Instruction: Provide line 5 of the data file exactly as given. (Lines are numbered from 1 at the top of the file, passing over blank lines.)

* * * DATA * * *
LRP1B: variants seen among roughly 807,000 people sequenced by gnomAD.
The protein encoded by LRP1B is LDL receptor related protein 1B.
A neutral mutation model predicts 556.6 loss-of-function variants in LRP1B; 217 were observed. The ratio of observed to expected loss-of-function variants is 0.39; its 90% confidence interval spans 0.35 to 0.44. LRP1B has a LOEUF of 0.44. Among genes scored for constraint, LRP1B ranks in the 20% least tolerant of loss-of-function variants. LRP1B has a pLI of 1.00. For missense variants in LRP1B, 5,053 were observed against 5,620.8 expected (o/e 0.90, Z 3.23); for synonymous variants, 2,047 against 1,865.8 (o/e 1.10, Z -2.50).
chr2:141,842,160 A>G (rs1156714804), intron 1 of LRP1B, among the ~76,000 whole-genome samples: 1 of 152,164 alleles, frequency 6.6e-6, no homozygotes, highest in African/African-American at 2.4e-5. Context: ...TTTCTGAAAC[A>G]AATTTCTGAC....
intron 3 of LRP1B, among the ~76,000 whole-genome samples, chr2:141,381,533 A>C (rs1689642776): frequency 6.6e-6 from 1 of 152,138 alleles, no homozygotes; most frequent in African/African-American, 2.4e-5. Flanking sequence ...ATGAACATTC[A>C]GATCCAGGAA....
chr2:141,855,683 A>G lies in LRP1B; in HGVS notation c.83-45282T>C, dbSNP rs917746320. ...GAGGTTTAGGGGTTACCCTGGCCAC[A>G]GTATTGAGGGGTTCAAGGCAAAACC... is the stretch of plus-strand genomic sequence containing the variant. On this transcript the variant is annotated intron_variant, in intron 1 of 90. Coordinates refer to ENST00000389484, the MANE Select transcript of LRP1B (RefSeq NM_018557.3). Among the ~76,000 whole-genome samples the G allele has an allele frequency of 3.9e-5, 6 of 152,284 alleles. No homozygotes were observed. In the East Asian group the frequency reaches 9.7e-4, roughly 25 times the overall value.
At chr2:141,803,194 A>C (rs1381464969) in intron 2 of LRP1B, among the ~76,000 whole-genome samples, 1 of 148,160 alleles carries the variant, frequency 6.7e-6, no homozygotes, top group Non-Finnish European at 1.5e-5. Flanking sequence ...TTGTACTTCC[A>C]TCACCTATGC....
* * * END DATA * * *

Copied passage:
intron 3 of LRP1B, among the ~76,000 whole-genome samples, chr2:141,381,533 A>C (rs1689642776): frequency 6.6e-6 from 1 of 152,138 alleles, no homozygotes; most frequent in African/African-American, 2.4e-5. Flanking sequence ...ATGAACATTC[A>C]GATCCAGGAA....